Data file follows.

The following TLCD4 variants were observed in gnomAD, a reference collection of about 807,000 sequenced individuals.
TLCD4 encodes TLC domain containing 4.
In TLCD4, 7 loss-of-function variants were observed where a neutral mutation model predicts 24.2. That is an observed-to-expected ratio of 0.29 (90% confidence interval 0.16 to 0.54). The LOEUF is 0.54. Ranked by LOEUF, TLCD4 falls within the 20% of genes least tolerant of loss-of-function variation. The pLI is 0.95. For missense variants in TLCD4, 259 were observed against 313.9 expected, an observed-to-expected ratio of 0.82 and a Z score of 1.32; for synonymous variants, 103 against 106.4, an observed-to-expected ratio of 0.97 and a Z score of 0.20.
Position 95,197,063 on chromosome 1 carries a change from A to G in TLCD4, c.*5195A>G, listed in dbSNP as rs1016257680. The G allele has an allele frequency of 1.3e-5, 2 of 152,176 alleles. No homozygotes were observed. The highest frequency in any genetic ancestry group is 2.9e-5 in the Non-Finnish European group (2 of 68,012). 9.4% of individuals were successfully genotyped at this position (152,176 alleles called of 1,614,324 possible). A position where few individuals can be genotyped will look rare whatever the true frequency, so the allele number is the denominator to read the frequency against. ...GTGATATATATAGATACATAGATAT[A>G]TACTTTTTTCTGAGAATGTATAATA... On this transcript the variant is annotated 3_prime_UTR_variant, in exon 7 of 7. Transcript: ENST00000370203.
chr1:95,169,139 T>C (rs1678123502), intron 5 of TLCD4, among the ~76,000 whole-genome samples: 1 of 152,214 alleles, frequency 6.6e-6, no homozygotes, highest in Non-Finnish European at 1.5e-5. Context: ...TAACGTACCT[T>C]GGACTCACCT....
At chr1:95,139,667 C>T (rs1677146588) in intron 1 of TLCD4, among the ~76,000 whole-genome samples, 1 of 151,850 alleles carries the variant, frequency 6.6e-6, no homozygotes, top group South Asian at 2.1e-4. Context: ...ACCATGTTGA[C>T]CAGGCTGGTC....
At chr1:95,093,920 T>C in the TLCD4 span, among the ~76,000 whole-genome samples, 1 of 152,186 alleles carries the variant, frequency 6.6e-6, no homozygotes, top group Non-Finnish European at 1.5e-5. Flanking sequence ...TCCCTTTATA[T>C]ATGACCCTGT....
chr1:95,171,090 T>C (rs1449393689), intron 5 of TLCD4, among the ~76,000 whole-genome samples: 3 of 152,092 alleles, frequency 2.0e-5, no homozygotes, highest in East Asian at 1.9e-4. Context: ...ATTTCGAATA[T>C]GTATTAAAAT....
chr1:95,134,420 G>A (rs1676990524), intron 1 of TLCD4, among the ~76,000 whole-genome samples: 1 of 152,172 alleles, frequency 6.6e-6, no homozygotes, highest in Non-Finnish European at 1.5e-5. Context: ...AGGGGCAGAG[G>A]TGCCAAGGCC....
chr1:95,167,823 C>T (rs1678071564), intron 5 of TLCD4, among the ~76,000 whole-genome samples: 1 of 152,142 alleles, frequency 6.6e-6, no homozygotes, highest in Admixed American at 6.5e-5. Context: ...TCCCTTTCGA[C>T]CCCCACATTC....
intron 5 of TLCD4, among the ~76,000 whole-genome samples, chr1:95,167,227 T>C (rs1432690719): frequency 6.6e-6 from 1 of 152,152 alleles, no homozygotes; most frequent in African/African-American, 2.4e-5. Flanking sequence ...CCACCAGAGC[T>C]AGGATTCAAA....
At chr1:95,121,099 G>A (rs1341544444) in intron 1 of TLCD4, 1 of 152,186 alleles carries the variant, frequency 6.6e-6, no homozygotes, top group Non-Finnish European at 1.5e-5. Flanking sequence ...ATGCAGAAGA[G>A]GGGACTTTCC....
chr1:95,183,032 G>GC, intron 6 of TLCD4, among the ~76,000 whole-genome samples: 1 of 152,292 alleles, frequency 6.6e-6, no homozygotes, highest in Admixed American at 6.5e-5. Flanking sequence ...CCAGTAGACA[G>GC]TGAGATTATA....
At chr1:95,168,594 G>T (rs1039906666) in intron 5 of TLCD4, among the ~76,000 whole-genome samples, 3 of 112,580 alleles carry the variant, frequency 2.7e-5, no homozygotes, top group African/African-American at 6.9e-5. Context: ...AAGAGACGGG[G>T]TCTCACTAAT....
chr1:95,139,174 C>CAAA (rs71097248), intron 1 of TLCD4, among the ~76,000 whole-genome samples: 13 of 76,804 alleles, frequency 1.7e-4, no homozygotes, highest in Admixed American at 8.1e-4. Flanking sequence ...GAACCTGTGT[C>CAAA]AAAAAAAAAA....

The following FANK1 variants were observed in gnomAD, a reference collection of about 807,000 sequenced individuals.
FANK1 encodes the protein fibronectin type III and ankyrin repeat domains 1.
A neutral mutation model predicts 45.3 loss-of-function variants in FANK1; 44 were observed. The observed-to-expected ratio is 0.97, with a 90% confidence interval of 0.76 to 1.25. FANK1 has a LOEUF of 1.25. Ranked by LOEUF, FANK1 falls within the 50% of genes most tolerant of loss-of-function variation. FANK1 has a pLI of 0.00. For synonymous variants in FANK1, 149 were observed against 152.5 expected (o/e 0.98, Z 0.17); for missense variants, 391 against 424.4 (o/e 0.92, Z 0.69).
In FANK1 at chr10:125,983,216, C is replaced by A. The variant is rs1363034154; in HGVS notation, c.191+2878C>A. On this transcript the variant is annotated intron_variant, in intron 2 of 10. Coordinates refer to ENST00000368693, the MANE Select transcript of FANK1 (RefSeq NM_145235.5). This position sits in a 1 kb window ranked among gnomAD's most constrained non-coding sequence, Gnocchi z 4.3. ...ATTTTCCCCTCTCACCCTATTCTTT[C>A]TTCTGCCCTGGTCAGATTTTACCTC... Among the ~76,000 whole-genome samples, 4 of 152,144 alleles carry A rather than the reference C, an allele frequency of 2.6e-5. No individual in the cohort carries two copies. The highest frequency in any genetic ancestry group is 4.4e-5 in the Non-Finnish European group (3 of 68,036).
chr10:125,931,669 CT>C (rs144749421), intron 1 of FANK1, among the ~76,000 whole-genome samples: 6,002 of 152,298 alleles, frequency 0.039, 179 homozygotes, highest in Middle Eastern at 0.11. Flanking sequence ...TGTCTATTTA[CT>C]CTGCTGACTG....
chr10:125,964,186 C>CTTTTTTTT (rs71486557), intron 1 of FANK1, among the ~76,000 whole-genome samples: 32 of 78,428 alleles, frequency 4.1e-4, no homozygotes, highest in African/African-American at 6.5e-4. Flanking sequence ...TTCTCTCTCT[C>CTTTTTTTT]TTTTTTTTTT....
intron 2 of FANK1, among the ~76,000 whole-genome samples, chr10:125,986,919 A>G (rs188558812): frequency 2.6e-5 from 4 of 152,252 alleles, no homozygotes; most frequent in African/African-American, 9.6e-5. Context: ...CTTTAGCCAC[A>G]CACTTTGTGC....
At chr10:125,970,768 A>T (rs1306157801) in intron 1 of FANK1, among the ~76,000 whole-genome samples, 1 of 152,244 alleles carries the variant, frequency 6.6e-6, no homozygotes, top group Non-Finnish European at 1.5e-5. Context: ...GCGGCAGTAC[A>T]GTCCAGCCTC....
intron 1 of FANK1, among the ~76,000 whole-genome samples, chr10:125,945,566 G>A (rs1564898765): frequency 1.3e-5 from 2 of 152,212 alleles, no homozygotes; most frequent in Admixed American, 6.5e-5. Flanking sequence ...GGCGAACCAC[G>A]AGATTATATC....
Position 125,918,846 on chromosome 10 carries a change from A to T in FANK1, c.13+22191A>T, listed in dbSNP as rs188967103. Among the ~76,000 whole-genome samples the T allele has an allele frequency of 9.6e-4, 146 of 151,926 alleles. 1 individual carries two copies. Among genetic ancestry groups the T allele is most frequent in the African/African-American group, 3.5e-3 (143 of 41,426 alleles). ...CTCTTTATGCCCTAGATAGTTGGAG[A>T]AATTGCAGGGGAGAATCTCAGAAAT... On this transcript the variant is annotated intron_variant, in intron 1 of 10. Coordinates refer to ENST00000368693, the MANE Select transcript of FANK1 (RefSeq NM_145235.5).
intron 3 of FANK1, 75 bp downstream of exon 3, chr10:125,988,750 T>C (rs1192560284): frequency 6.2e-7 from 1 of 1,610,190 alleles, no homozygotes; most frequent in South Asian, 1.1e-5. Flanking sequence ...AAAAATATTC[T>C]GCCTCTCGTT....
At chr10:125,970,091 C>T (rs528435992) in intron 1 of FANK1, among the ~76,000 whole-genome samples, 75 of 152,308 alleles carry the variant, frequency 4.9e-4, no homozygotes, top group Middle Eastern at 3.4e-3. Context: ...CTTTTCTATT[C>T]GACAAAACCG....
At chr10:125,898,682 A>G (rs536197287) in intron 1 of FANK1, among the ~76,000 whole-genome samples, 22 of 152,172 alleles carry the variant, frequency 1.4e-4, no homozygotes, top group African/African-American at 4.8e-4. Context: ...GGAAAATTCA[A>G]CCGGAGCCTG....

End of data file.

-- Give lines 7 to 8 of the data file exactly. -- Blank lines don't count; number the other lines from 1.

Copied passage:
At chr1:95,093,920 T>C in the TLCD4 span, among the ~76,000 whole-genome samples, 1 of 152,186 alleles carries the variant, frequency 6.6e-6, no homozygotes, top group Non-Finnish European at 1.5e-5. Flanking sequence ...TCCCTTTATA[T>C]ATGACCCTGT....
chr1:95,171,090 T>C (rs1449393689), intron 5 of TLCD4, among the ~76,000 whole-genome samples: 3 of 152,092 alleles, frequency 2.0e-5, no homozygotes, highest in East Asian at 1.9e-4. Context: ...ATTTCGAATA[T>C]GTATTAAAAT....